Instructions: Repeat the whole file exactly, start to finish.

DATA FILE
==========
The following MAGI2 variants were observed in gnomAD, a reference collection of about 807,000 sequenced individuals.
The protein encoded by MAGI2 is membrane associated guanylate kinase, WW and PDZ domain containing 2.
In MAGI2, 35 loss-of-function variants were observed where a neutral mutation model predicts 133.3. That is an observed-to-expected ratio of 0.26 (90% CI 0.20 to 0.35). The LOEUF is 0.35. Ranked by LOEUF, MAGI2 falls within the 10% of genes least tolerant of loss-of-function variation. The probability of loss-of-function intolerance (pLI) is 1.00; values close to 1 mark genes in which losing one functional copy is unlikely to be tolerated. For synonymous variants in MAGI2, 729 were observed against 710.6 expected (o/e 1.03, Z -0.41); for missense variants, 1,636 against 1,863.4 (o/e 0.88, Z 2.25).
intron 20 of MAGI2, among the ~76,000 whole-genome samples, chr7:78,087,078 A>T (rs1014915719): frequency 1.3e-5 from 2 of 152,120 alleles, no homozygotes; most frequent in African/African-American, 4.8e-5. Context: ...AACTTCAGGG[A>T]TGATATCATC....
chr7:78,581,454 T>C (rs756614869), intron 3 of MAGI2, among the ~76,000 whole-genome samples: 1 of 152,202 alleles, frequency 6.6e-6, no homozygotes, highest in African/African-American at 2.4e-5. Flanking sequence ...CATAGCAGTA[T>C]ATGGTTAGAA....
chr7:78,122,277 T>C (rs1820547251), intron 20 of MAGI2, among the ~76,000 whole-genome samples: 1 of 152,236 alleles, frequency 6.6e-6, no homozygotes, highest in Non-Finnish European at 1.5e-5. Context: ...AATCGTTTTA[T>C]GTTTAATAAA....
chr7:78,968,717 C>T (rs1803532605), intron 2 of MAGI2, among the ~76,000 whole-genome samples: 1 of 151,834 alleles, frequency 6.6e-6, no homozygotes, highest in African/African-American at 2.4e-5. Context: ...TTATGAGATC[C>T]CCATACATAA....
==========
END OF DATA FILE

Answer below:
The following MAGI2 variants were observed in gnomAD, a reference collection of about 807,000 sequenced individuals.
The protein encoded by MAGI2 is membrane associated guanylate kinase, WW and PDZ domain containing 2.
In MAGI2, 35 loss-of-function variants were observed where a neutral mutation model predicts 133.3. That is an observed-to-expected ratio of 0.26 (90% CI 0.20 to 0.35). The LOEUF is 0.35. Ranked by LOEUF, MAGI2 falls within the 10% of genes least tolerant of loss-of-function variation. The probability of loss-of-function intolerance (pLI) is 1.00; values close to 1 mark genes in which losing one functional copy is unlikely to be tolerated. For synonymous variants in MAGI2, 729 were observed against 710.6 expected (o/e 1.03, Z -0.41); for missense variants, 1,636 against 1,863.4 (o/e 0.88, Z 2.25).
intron 20 of MAGI2, among the ~76,000 whole-genome samples, chr7:78,087,078 A>T (rs1014915719): frequency 1.3e-5 from 2 of 152,120 alleles, no homozygotes; most frequent in African/African-American, 4.8e-5. Context: ...AACTTCAGGG[A>T]TGATATCATC....
chr7:78,581,454 T>C (rs756614869), intron 3 of MAGI2, among the ~76,000 whole-genome samples: 1 of 152,202 alleles, frequency 6.6e-6, no homozygotes, highest in African/African-American at 2.4e-5. Flanking sequence ...CATAGCAGTA[T>C]ATGGTTAGAA....
chr7:78,122,277 T>C (rs1820547251), intron 20 of MAGI2, among the ~76,000 whole-genome samples: 1 of 152,236 alleles, frequency 6.6e-6, no homozygotes, highest in Non-Finnish European at 1.5e-5. Context: ...AATCGTTTTA[T>C]GTTTAATAAA....
chr7:78,968,717 C>T (rs1803532605), intron 2 of MAGI2, among the ~76,000 whole-genome samples: 1 of 151,834 alleles, frequency 6.6e-6, no homozygotes, highest in African/African-American at 2.4e-5. Context: ...TTATGAGATC[C>T]CCATACATAA....